Monday, February 13, 2012

Dirty Work: The Rolling Stones' Masterpiece By Accident!


Introductory Note: I plan to use this blog to sometimes highlight music that I believe is overlooked.  This is the first of those reviews. However, the album in question is one that I have wanted to write about for a long time, and I ended up working on this piece for months, never quite satisfied that I “got it.”  A lot came out because in my mind a lot had to be said!  So please don’t be scared off by its length, and enjoy reading about an often overlooked but essential album by the Rolling Stones!

Dirty Work is an often dismissed, usually maligned Rolling Stones album from 1986.  Yet many of the reasons the album is written off are the very one that make it great.  The overall disarray of the band, the feuding between Mick and Keith at the time, and the fact that Keith had to pretty much put the album together on his own all contribute to making this a truly essential, if imperfect, album. 

The criticisms of Dirty Work are well known.  Fixated on advancing his solo career, Mick brought little of value to the studio.  Keith’s anger at Mick permeates, and sometimes overwhelms, the whole thing.  The songs are an overproduced mess, with only THREE attributed solely to the famous Jagger-Richards songwriting tandem.  At least three additional percussionists are on the record, covering for a smacked out Charlie.  Wyman barely showed up – Ronnie covered on bass, and on one track (Had It With You), there’s no bass at all!  They didn’t even care enough to add it! what a mess!
I used to think that.  When the album came out I recorded a tape of it and walked around with my Panasonic tape recorder (named “Neighbors” by the way) and just played two or three of the tracks over and over.  Didn’t even bother with the rest.

Well, for the last couple years I’ve spent a lot of time listening to and thinking about this album and I now believe that Dirty work is a near-classic album – and the last Stones album to reach that level.  And I am NOT dismissive of the Stones’ later work!  In fact, I believe the Stones’ 2006 album A Bigger Bang is extremely solid, updating the familiar Stones sound for their best album in twenty years.  But Dirty Work is weird and compelling, and here are some of the reasons why:

·         The guitar work is passionate, focused, and full of impact
·         The lyrics are straightforward, and from the gut
·         Keith channeled all his passion into the record, and it comes out in the music
·         The album seems devoid of contrivance or pretense, adding to its raw power
 

Before even getting to the music, though, let's ponder the cover.  It is garish.  It is the definition of garish! Here's how garish is defined on-line by Merriam-Webster's:

1: clothed in vivid colors
2 a : excessively or disturbingly vivid <garish colors> <garish imagery>
b : offensively or distressingly bright : glaring
3: tastelessly showy : flashy

That’s this cover in a nutshell!  Disturbingly vivid.  The last time the Stones appeared as themselves on an album cover (save for a little sticker of their faces on Undercover) was on Black and Blue, over a decade before Dirty Work was released.  Since then they have appeared in drag, in tattoos, in some weird form of photography based on their heat emissions, or not at all.  Here, they stare out at us looking like horribly disheveled zombies, gathered around this (garish) greenish love seat completely dominated by Keith, who gives new meaning to the phrase “if looks could kill.”  The band, dressed in these weird outfits, is congregated on the left with the exception of Mick, who is off to the right, detached from the others and looking bored and kind of pouty.  Even the color scheme of his clothing is out of step with the rest of the band.  Keith is kneeing him in his crotch and he’s lazily kicking Keith back, but he just wants out of there.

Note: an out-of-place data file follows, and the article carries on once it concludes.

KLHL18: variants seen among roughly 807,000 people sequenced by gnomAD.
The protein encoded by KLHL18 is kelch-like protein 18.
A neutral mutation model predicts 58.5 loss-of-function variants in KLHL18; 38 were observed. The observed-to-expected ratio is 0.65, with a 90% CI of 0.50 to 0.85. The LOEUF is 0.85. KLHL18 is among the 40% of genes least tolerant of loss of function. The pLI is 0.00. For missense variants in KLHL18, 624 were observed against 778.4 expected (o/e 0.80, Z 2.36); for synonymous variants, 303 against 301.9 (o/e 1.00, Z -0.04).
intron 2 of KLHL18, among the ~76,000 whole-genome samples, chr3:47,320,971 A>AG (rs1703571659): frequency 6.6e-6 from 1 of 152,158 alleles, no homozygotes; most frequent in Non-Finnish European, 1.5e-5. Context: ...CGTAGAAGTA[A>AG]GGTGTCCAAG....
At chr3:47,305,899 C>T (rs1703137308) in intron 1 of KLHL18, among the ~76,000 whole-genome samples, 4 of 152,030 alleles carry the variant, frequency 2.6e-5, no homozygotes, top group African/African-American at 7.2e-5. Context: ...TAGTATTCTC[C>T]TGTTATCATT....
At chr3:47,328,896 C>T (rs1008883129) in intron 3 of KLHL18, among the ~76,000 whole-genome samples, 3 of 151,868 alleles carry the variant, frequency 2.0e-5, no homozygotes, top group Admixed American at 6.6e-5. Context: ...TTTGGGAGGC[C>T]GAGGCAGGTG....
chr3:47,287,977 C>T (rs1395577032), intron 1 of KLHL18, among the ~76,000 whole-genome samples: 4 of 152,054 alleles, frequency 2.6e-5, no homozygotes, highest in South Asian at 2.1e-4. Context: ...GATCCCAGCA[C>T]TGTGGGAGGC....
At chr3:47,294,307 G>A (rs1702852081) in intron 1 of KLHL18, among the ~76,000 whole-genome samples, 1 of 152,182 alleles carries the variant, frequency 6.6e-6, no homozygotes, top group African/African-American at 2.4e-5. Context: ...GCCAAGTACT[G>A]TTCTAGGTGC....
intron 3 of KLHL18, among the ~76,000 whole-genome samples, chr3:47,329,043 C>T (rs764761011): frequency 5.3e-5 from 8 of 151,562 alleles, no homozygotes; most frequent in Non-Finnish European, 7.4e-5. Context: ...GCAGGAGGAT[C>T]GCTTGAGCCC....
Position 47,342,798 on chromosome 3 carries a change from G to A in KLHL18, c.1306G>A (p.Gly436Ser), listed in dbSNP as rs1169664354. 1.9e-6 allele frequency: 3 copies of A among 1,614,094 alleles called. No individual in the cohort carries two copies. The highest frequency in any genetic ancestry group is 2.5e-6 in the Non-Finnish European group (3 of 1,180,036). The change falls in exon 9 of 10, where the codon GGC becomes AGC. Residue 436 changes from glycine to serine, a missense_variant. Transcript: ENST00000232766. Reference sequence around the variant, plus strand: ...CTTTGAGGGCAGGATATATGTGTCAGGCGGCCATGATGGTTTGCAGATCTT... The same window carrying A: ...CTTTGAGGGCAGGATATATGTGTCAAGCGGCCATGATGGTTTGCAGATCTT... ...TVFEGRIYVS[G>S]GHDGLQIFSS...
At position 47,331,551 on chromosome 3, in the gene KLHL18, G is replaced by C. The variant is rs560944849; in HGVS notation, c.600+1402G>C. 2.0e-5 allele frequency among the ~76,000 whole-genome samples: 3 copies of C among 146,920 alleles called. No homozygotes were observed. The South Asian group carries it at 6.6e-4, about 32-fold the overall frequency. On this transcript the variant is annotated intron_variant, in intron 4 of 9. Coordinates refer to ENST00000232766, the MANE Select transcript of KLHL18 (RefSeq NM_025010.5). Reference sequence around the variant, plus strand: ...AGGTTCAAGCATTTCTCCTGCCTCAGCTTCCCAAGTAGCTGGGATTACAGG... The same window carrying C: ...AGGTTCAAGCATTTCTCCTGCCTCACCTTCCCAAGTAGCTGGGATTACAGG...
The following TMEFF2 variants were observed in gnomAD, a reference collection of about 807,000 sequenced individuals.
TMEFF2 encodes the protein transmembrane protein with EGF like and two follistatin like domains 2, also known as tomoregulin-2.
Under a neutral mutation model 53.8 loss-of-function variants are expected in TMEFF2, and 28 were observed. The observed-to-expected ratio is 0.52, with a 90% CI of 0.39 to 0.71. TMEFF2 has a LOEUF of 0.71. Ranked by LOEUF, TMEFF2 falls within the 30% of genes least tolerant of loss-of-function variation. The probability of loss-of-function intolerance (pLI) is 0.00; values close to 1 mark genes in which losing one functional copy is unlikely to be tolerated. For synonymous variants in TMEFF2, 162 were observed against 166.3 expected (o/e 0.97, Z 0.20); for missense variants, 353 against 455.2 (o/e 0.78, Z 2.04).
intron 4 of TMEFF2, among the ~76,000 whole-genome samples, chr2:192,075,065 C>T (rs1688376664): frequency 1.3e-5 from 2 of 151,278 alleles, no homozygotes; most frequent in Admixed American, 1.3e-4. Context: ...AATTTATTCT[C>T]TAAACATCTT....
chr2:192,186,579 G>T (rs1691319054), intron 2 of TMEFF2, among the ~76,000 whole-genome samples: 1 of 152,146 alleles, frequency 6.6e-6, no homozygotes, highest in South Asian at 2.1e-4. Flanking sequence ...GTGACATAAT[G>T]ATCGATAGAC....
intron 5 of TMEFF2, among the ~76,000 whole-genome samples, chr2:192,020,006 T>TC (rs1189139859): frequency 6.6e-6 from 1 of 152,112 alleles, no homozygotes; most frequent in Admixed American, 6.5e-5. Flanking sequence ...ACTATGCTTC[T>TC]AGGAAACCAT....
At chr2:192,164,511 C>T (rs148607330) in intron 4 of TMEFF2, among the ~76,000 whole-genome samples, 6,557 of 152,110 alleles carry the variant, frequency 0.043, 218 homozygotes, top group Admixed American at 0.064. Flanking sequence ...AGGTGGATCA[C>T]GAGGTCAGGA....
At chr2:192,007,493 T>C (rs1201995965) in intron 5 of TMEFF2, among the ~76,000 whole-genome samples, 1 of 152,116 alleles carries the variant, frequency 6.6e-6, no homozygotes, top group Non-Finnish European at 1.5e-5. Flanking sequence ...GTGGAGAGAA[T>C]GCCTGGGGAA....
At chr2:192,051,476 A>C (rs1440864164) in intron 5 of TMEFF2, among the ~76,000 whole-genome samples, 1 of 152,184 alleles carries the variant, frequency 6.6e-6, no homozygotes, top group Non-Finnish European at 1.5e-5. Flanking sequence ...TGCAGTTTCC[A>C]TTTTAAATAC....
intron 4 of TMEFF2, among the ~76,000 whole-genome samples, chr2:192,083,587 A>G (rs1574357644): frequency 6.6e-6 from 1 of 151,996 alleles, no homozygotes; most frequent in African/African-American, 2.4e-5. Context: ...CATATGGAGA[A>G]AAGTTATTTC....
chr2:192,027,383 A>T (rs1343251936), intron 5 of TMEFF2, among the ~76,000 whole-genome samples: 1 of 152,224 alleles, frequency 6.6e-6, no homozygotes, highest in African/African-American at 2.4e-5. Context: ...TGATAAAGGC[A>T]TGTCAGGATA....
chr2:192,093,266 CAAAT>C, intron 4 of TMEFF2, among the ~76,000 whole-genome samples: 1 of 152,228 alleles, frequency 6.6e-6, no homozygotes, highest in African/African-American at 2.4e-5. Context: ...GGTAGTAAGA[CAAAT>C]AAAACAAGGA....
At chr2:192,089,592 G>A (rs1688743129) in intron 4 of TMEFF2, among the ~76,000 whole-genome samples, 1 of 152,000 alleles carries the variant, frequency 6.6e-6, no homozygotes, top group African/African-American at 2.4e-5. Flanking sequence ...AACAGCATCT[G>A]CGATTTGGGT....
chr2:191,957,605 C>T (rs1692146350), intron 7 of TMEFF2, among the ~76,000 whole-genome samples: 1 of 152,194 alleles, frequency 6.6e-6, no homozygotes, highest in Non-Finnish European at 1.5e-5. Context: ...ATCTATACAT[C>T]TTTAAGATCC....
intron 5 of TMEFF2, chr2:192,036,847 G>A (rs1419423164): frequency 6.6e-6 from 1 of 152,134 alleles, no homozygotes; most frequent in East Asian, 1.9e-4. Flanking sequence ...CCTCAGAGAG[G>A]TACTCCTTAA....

The rest of the band?  Not good. Bill looks haggard and bored, perhaps thinking  about his teenage girlfriend. Ronnie, working through a freebasing addiction, gets to share a bit of the couch with Keith but from a deferential position in the back. Charlie, strung out on smack, is barely in the picture, looking away from the camera altogether.  In another world – or positioned to convey that he is…

And the whole thing is in this 80s-ish, disturbingly vivid, color scheme, as if trying to convey some fake cheeriness that just completely contrasts with the story being told by this picture.  It’s just mind-boggling  - and troubling – to look at.

So the Stones either really hated each other so much that this was the best they could muster, or the whole thing is a big contrivance to express the deteriorated relationships between the band members.  In either case, the cover sets the tone for the music inside – intentionally or not. 

And the music?  Well, a couple songs aren’t about duplicity, addiction, Armageddon, violence, greed, oppression, or threats to one’s very existence, though two of them are covers!  The rest?  Circles of Rolling Stones hell, crashing against each other in a very scary place that I sure don’t want to visit.

But that’s the point – this is what Rolling Stones hell must be like.  Nothing is cleaned up for marketing purposes, or mass appeal.  This is one of the few times since Some Girls – still true to this day - where the music is so stripped down and guttural.  Barely any nods to 80’s dance music; no multiple producers; no horrible “Mick” ballads; just balls to the wall, guitar driven Rolling Stones music, fueled by Keith and his erstwhile pal Ronnie.

Let’s put Dirty Work in context, by looking at the albums that came right before it, and right after.   Undercover (1983) was largely Mick’s album.  Being the first album of completely new material since Some Girls, it reflects the growing dysfunction of the band members and stands as a warning of the splintering within the band, ironic after the mega-success enjoyed in 1981-82, with the release of the highly lauded Tattoo You and the subsequent tour to support that album.  Undercover is ambitious and eclectic – maybe too much so, with drum machines and synthesizers throughout – and it foreshadows the disturbing themes that also figure so prominently on Dirty Work.  But they are presented in a somewhat detached way, supported by dancey music.  There is no particular cohesion in the presentation.  Dirty Work on the other hand takes the exploration into dysfunction begun on Undercover, turns the volume to 11, makes it personal, removes any hint of subtlety and nuance, and propels them with the full force of Keith and Ronnie’s guitars.